Since when do you have to actually live in a city to know what its crime rate is? With the advent of the internet, you can look-up information of virtually everything right from the comfort of your home - no matter where you live. In fact, here's a section of an article from the Star-Bulletin regarding Puna:'The sparsely populated Puna district of the Big Island has an abundance of social problems, including poverty, drug abuse and a high number of child-abuse cases, state and county officials say.
"The abuse is here," said acting police Lt. Glenn Uehana, of the East Hawaii Juvenile Aid Section. "It's present in probably every district on the island, but we tend to have higher numbers of things that are bad there (in Puna)."'
According to Lt. Uehana, Puna tends to have higher numbers of things that are bad. That statement contradicts what you stated: "Puna is no... worse than any other area". Until you can show me legitimate (I emphasize the word legitimate) statistics proving your point, what Lt. Uehana stated has more merit than your apparent biased opinion.
By the way, here's the link to the article that I posted above: http://starbulletin.com/2005/02/17/news/story...
Kanaka

Kapaa, HI

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#17
Jul 22, 2007
 
Aloha,
I would suggest you drive around HPP it has 130 miles of roads and covers 10 sq miles.
Its a big place. Zip code 96749.

There are over 8,00 building sites of which about 30% have homes Currently about 14,000 folks live here.

The south side is bordering a state DLNR and Hawaiian Homes lands. The north a private estate the east is ocean front and the west has a two lane highway (hwy 130).

If the current trend continues an average single family house will cost US$450k and a vacant lot around $90K. Expect to pay $600.00 in property taxes a year for the empty lot. Which by the way are for the most part 30,000 sq feet.(One acre)

There is one full time fireman and no other county services. With the exception of the roads transversing the subdivision from the ocean to hwy 130 the remaining 112 miles of roads are dirt.

HPP is a private subdivision which will turn 50 years old in 2009.

In closing I think it will soon be necessary to closed new building permits. It is estimated that there are close to 5000 pulled (outstanding and yet to break ground ).

I state the following objectively. There are no stores, no police stations, no home mail delivery service, no fire hydrants and no public schools.

However there are several areas set aside for commercial businesses and schools. As I stated I foresee a temporary halt on new homes until at least fire and safety essential services catch up with the population.

As you might have gathered by now I am a resident of HPP. Coming up on 20 years.

This area was one big lot before it was made into home thousands of sites. Back in 1959 future home owners were expected to be interested in a agricultural activity such as fruit orchards or flower growing.( Lots were $500.00). While many are doing just that today the vast majority are either retired , commuting or running a business from their home.

Side bar:
I neither sell land or work for any industry involved in building I am simply putting a few rough facts in this post for no personal gain.

In closing Hawaiian Paradise Park has a very active seniors group and a Homeowners assoc- action very capable and welcoming to all comers meeting are held monthly.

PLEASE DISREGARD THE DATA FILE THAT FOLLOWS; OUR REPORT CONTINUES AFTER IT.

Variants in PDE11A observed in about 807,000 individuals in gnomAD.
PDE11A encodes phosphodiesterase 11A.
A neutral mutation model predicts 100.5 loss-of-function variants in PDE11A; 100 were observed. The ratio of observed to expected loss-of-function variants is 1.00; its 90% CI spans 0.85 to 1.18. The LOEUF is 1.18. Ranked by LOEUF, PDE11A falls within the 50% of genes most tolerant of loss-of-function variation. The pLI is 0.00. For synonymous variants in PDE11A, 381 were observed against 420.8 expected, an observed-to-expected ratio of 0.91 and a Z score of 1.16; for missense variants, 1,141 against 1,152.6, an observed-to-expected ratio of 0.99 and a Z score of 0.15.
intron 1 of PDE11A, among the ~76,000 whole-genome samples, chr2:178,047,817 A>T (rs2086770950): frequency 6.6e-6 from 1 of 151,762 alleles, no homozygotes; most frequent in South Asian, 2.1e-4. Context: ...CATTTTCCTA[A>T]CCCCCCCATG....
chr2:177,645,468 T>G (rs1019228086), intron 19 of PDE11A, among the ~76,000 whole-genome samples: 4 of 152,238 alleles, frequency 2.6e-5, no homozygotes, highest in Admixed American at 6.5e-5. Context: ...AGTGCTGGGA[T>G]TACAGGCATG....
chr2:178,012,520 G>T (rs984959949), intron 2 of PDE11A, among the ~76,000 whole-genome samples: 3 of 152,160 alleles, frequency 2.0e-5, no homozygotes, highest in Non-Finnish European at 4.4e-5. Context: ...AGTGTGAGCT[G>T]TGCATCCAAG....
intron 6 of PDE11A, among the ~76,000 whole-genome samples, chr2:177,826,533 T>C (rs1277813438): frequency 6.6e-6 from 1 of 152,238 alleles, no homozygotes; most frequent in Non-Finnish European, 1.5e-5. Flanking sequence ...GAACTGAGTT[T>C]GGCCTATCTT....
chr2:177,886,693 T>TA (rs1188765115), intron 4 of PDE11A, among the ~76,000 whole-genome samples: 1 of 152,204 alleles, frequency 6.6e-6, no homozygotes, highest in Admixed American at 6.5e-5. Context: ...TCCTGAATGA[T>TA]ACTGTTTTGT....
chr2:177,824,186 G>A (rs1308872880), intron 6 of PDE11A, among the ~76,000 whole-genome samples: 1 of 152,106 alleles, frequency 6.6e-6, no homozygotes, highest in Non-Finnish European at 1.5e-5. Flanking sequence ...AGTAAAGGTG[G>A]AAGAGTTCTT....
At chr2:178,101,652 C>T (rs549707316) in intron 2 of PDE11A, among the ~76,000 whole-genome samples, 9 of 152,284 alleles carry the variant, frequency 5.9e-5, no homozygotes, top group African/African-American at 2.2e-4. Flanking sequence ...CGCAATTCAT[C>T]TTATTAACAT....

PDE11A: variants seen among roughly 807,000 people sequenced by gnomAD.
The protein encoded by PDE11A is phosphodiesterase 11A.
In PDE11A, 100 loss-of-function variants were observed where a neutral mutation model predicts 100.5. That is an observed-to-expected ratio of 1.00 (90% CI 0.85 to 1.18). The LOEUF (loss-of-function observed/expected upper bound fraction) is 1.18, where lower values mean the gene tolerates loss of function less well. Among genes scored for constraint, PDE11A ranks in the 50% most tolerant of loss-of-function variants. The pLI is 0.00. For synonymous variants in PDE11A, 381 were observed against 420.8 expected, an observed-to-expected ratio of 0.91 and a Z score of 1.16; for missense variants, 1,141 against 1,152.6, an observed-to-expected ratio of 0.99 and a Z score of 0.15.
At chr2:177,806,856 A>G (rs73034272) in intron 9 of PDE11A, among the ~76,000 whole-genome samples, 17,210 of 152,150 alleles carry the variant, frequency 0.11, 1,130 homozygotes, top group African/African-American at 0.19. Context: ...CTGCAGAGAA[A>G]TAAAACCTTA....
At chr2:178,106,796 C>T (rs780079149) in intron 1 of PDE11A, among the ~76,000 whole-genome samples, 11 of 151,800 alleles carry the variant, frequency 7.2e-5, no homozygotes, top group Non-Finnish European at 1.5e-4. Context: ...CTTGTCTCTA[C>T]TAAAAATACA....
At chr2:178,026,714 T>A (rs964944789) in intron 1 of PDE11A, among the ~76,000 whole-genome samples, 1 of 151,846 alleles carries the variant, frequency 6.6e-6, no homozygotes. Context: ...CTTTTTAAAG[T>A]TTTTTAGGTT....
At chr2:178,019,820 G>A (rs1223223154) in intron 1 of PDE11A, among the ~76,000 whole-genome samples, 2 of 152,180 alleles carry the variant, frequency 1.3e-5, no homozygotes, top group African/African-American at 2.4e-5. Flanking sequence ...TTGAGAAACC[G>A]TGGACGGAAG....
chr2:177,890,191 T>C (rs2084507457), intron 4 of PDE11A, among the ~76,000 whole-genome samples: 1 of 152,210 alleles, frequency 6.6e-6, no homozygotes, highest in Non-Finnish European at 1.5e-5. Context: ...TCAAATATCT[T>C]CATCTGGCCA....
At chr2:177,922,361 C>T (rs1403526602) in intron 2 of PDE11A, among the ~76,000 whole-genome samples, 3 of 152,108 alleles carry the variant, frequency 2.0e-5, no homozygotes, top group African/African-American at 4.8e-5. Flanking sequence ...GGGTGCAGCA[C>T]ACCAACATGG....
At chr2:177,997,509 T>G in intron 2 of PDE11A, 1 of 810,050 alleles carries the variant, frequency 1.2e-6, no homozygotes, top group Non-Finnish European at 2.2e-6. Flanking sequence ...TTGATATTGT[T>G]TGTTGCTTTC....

I take my hat off the the residents of HPP for their vigilance in reporting any suspicious behavior to the two nearby police substations. I do not think that drug dealing and crime has ever been higher then average.

In fact I would state for the record that months would go by before any mention of criminal activity would be on the daily police log radio or in the newspaper.

Please visit the community association website for up to date information.

Should you already live here I say hello. If you are soon to move here welcome. Don't delay you will wish you made the move sooner.

Aloha,
puna senior citizen

Pagosa Springs, CO

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#18
Jul 24, 2007
 
I have owned three acres in Hawn. Acres for 30 years and built my home 10 years ago. Drugs are less of a problem as time passes and more people build in the area. We are very self sufficient, catch our water, have solar inverted to reg house power. Have many fruit trees and gardens. I love it here. Paradise Park has a very good reputation as subdivisions go. It is a very different lifestyle from most and very satisfying.
adam inch

Fresno, CA

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#19
Jul 26, 2007
 
My family and I were curious on the cost of living in Hawaii compared to places like california's central cal. area's from Bakersfield to Sacramento. we have lived in both areas, and their pretty compatiable aposed to housing cost, of course depending on residing location. Things like; food, clothing, utilities, car and property tax and the basic necessities. Are they the the same. I understand that variuos things are imported, but how self sufficent is Hawaii? I see that over a million reside in Hawaii, and it apears with all the high rises they have, it's an adequit and sufficent industrial state, so what imports are going to to be most shocking. Hopefully it's not the basic necessities for a family of five.
P.S. do we have to give up the tri-tip barbaques, around $11.00 a piece
deborah malott

United States

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#20
Jul 27, 2007
 
i am thinking of purchasing a 3 acre lot in the fern forest/puna area. I have only seen photos of the lot, but it is full of ferns and trees, no driveway, catchment water, electric and telephone at edge of property. Has anyone cleared any of this type of land before, and we have to bring in cynder for the driveway, septic, etc. I would eventually want to build a small house on this lot, but would it end up costing me more than if I bought a lot that was already improved....what to do.....thanks for any insight.